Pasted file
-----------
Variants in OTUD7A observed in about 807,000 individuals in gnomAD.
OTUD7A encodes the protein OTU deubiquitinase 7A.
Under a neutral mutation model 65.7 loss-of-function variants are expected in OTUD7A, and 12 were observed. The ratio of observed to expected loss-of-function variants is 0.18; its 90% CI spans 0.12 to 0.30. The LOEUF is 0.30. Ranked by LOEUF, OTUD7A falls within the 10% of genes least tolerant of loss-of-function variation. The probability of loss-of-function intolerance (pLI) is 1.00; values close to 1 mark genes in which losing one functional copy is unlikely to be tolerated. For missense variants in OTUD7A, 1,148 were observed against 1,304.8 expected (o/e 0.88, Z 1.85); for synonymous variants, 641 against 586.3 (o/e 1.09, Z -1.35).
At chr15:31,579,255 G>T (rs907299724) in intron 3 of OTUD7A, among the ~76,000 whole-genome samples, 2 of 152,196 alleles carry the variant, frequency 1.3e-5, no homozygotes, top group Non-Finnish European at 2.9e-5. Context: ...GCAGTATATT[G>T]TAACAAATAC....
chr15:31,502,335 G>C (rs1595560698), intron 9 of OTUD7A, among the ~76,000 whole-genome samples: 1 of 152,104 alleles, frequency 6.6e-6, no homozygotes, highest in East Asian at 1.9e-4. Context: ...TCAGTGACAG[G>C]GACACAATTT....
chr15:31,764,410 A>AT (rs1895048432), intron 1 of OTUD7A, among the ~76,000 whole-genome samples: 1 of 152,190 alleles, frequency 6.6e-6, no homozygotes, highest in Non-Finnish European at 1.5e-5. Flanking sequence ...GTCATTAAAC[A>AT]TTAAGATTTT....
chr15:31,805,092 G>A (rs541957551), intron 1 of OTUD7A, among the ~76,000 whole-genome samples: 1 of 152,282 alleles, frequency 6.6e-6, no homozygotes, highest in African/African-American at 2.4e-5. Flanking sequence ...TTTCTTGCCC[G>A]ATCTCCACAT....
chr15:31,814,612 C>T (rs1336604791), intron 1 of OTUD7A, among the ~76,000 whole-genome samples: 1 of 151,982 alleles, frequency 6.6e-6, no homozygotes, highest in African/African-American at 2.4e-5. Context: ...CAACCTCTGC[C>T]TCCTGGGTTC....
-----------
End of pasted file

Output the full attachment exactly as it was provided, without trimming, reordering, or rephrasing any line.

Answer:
Variants in OTUD7A observed in about 807,000 individuals in gnomAD.
OTUD7A encodes the protein OTU deubiquitinase 7A.
Under a neutral mutation model 65.7 loss-of-function variants are expected in OTUD7A, and 12 were observed. The ratio of observed to expected loss-of-function variants is 0.18; its 90% CI spans 0.12 to 0.30. The LOEUF is 0.30. Ranked by LOEUF, OTUD7A falls within the 10% of genes least tolerant of loss-of-function variation. The probability of loss-of-function intolerance (pLI) is 1.00; values close to 1 mark genes in which losing one functional copy is unlikely to be tolerated. For missense variants in OTUD7A, 1,148 were observed against 1,304.8 expected (o/e 0.88, Z 1.85); for synonymous variants, 641 against 586.3 (o/e 1.09, Z -1.35).
At chr15:31,579,255 G>T (rs907299724) in intron 3 of OTUD7A, among the ~76,000 whole-genome samples, 2 of 152,196 alleles carry the variant, frequency 1.3e-5, no homozygotes, top group Non-Finnish European at 2.9e-5. Context: ...GCAGTATATT[G>T]TAACAAATAC....
chr15:31,502,335 G>C (rs1595560698), intron 9 of OTUD7A, among the ~76,000 whole-genome samples: 1 of 152,104 alleles, frequency 6.6e-6, no homozygotes, highest in East Asian at 1.9e-4. Context: ...TCAGTGACAG[G>C]GACACAATTT....
chr15:31,764,410 A>AT (rs1895048432), intron 1 of OTUD7A, among the ~76,000 whole-genome samples: 1 of 152,190 alleles, frequency 6.6e-6, no homozygotes, highest in Non-Finnish European at 1.5e-5. Flanking sequence ...GTCATTAAAC[A>AT]TTAAGATTTT....
chr15:31,805,092 G>A (rs541957551), intron 1 of OTUD7A, among the ~76,000 whole-genome samples: 1 of 152,282 alleles, frequency 6.6e-6, no homozygotes, highest in African/African-American at 2.4e-5. Flanking sequence ...TTTCTTGCCC[G>A]ATCTCCACAT....
chr15:31,814,612 C>T (rs1336604791), intron 1 of OTUD7A, among the ~76,000 whole-genome samples: 1 of 151,982 alleles, frequency 6.6e-6, no homozygotes, highest in African/African-American at 2.4e-5. Context: ...CAACCTCTGC[C>T]TCCTGGGTTC....